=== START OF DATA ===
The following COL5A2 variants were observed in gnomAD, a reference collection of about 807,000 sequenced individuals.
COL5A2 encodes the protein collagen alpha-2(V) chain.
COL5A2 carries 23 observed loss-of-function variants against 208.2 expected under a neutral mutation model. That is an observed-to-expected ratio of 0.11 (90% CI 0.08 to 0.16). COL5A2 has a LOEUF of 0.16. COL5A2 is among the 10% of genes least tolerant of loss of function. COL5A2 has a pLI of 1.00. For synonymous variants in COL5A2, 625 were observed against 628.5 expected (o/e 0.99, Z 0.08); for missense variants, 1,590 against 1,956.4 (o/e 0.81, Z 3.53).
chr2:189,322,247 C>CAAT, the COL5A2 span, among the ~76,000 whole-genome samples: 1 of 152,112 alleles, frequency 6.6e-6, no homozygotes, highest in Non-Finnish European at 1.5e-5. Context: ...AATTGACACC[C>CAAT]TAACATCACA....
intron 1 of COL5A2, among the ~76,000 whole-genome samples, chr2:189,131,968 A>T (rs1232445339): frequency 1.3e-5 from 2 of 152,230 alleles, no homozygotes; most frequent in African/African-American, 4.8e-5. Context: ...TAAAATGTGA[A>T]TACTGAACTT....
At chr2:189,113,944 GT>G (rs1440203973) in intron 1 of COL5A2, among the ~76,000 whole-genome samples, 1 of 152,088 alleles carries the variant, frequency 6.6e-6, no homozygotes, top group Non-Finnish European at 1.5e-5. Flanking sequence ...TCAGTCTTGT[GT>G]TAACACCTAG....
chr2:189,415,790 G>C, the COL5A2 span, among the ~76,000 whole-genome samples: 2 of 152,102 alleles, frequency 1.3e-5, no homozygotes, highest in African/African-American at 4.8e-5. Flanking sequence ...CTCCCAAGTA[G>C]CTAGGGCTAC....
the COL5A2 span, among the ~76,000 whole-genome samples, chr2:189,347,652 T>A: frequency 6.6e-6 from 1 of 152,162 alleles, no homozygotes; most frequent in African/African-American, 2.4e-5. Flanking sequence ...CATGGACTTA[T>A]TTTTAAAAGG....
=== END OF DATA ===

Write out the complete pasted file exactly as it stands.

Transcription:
The following COL5A2 variants were observed in gnomAD, a reference collection of about 807,000 sequenced individuals.
COL5A2 encodes the protein collagen alpha-2(V) chain.
COL5A2 carries 23 observed loss-of-function variants against 208.2 expected under a neutral mutation model. That is an observed-to-expected ratio of 0.11 (90% CI 0.08 to 0.16). COL5A2 has a LOEUF of 0.16. COL5A2 is among the 10% of genes least tolerant of loss of function. COL5A2 has a pLI of 1.00. For synonymous variants in COL5A2, 625 were observed against 628.5 expected (o/e 0.99, Z 0.08); for missense variants, 1,590 against 1,956.4 (o/e 0.81, Z 3.53).
chr2:189,322,247 C>CAAT, the COL5A2 span, among the ~76,000 whole-genome samples: 1 of 152,112 alleles, frequency 6.6e-6, no homozygotes, highest in Non-Finnish European at 1.5e-5. Context: ...AATTGACACC[C>CAAT]TAACATCACA....
intron 1 of COL5A2, among the ~76,000 whole-genome samples, chr2:189,131,968 A>T (rs1232445339): frequency 1.3e-5 from 2 of 152,230 alleles, no homozygotes; most frequent in African/African-American, 4.8e-5. Context: ...TAAAATGTGA[A>T]TACTGAACTT....
At chr2:189,113,944 GT>G (rs1440203973) in intron 1 of COL5A2, among the ~76,000 whole-genome samples, 1 of 152,088 alleles carries the variant, frequency 6.6e-6, no homozygotes, top group Non-Finnish European at 1.5e-5. Flanking sequence ...TCAGTCTTGT[GT>G]TAACACCTAG....
chr2:189,415,790 G>C, the COL5A2 span, among the ~76,000 whole-genome samples: 2 of 152,102 alleles, frequency 1.3e-5, no homozygotes, highest in African/African-American at 4.8e-5. Flanking sequence ...CTCCCAAGTA[G>C]CTAGGGCTAC....
the COL5A2 span, among the ~76,000 whole-genome samples, chr2:189,347,652 T>A: frequency 6.6e-6 from 1 of 152,162 alleles, no homozygotes; most frequent in African/African-American, 2.4e-5. Flanking sequence ...CATGGACTTA[T>A]TTTTAAAAGG....